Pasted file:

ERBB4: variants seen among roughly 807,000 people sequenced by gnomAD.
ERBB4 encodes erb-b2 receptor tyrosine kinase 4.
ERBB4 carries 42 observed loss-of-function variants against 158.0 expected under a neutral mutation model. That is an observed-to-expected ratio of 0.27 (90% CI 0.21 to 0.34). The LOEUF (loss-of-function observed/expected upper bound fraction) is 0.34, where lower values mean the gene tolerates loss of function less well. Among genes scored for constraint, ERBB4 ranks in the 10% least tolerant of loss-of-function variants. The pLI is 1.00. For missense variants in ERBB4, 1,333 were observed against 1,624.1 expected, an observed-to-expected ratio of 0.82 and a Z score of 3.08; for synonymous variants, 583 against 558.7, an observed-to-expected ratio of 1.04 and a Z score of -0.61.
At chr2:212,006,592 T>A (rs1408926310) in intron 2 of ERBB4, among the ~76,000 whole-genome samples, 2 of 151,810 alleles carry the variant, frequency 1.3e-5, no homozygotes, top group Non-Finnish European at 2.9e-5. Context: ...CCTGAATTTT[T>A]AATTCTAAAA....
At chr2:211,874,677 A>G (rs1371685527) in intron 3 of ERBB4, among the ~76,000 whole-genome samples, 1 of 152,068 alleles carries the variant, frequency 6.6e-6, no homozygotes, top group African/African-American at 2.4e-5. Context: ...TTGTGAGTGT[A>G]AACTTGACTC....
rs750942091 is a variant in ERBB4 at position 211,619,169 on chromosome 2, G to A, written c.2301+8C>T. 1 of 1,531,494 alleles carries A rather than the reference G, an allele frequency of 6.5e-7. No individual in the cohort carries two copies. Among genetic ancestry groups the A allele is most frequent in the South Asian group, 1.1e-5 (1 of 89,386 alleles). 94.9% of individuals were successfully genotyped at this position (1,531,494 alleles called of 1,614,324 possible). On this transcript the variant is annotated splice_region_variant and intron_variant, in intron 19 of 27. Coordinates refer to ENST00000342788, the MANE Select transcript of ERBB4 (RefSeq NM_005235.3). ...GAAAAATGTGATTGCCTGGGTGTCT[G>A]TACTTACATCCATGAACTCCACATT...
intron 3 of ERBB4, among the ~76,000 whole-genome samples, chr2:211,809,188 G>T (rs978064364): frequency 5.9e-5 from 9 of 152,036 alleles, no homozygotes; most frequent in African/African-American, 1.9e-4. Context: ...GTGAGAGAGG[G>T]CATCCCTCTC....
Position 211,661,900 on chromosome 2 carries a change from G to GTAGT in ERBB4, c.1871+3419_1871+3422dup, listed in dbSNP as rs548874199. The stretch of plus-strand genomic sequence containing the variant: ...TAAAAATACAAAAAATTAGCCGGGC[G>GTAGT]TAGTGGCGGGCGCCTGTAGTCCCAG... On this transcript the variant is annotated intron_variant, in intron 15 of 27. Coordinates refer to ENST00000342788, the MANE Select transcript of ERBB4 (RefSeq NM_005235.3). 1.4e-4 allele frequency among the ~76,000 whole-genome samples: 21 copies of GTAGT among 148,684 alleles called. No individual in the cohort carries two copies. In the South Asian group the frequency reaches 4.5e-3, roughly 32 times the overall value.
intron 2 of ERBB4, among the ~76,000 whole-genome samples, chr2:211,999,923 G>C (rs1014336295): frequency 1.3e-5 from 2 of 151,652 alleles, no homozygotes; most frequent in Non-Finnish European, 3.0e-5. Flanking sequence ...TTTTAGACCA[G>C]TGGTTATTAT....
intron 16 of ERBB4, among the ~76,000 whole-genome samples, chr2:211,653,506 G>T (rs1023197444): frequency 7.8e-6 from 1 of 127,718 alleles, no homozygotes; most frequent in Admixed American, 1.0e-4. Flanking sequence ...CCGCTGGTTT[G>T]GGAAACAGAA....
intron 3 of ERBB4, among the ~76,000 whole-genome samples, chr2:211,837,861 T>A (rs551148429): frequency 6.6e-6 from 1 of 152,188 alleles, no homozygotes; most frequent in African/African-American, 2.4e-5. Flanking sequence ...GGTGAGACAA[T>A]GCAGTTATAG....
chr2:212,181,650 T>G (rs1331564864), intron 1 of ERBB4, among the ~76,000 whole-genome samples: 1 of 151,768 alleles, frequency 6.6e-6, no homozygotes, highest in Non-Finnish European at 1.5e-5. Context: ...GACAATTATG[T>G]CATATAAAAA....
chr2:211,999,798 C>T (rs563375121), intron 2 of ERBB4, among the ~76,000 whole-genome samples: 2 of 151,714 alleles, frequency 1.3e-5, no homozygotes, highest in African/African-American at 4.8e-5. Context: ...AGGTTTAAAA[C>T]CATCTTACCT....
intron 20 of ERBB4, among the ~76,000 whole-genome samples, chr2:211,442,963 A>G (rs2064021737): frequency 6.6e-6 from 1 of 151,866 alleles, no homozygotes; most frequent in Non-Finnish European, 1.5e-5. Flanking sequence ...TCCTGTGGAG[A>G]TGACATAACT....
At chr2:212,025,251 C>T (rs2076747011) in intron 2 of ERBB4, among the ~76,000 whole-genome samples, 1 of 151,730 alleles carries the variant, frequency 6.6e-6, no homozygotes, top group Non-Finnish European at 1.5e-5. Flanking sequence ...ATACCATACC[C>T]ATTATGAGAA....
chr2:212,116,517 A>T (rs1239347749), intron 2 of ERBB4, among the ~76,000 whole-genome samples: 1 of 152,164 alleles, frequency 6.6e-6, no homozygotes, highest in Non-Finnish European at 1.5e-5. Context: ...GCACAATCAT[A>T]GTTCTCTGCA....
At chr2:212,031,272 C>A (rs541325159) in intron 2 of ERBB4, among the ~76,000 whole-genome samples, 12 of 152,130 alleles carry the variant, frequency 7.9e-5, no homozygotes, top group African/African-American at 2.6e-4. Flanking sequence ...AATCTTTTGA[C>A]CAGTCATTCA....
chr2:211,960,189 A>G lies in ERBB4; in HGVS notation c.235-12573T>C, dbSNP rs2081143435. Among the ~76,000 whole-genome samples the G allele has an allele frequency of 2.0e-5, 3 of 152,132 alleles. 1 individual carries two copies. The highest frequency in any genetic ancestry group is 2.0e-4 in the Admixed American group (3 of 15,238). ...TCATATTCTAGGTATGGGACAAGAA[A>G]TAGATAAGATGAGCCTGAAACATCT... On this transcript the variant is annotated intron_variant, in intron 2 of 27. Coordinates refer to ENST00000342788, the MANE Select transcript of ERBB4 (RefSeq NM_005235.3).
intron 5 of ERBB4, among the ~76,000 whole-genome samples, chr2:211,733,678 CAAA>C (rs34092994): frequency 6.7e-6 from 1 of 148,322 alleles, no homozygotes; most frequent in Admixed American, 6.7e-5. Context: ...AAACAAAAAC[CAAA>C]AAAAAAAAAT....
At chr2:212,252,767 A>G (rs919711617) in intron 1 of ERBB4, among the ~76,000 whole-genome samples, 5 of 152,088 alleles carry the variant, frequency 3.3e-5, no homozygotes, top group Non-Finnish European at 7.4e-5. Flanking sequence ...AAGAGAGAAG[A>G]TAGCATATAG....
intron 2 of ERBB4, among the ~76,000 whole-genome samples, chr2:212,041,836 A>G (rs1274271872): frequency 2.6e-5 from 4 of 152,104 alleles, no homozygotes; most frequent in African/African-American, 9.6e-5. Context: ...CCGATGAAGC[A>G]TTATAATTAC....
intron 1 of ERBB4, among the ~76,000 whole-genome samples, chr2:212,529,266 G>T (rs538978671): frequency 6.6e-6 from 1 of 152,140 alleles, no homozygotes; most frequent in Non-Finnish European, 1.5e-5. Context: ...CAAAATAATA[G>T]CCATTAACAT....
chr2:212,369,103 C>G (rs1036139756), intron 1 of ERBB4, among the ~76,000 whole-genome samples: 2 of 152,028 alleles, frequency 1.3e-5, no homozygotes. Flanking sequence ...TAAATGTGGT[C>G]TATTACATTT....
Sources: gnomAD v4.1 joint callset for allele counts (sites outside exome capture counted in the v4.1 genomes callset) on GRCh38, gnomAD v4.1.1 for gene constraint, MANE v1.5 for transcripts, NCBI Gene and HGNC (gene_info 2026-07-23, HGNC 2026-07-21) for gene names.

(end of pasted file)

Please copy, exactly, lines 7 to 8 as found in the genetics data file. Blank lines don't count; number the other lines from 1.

intron 3 of ERBB4, among the ~76,000 whole-genome samples, chr2:211,809,188 G>T (rs978064364): frequency 5.9e-5 from 9 of 152,036 alleles, no homozygotes; most frequent in African/African-American, 1.9e-4. Context: ...GTGAGAGAGG[G>T]CATCCCTCTC....
Position 211,661,900 on chromosome 2 carries a change from G to GTAGT in ERBB4, c.1871+3419_1871+3422dup, listed in dbSNP as rs548874199. The stretch of plus-strand genomic sequence containing the variant: ...TAAAAATACAAAAAATTAGCCGGGC[G>GTAGT]TAGTGGCGGGCGCCTGTAGTCCCAG... On this transcript the variant is annotated intron_variant, in intron 15 of 27. Coordinates refer to ENST00000342788, the MANE Select transcript of ERBB4 (RefSeq NM_005235.3). 1.4e-4 allele frequency among the ~76,000 whole-genome samples: 21 copies of GTAGT among 148,684 alleles called. No individual in the cohort carries two copies. In the South Asian group the frequency reaches 4.5e-3, roughly 32 times the overall value.